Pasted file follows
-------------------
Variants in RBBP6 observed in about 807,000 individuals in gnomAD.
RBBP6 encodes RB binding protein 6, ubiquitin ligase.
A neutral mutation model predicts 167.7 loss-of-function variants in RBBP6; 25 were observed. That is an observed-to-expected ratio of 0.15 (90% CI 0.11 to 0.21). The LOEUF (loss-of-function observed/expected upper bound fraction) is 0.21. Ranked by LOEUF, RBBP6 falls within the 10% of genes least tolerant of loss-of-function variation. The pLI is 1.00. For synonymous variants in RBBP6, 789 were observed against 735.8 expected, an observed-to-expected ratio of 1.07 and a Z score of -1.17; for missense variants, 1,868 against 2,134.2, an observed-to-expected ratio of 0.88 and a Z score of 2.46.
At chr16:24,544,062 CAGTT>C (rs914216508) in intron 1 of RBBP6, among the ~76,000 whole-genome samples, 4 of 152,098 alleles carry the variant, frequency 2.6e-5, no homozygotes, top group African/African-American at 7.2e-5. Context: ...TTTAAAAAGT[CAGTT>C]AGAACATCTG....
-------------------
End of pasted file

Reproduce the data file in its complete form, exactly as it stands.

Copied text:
Variants in RBBP6 observed in about 807,000 individuals in gnomAD.
RBBP6 encodes RB binding protein 6, ubiquitin ligase.
A neutral mutation model predicts 167.7 loss-of-function variants in RBBP6; 25 were observed. That is an observed-to-expected ratio of 0.15 (90% CI 0.11 to 0.21). The LOEUF (loss-of-function observed/expected upper bound fraction) is 0.21. Ranked by LOEUF, RBBP6 falls within the 10% of genes least tolerant of loss-of-function variation. The pLI is 1.00. For synonymous variants in RBBP6, 789 were observed against 735.8 expected, an observed-to-expected ratio of 1.07 and a Z score of -1.17; for missense variants, 1,868 against 2,134.2, an observed-to-expected ratio of 0.88 and a Z score of 2.46.
At chr16:24,544,062 CAGTT>C (rs914216508) in intron 1 of RBBP6, among the ~76,000 whole-genome samples, 4 of 152,098 alleles carry the variant, frequency 2.6e-5, no homozygotes, top group African/African-American at 7.2e-5. Context: ...TTTAAAAAGT[CAGTT>C]AGAACATCTG....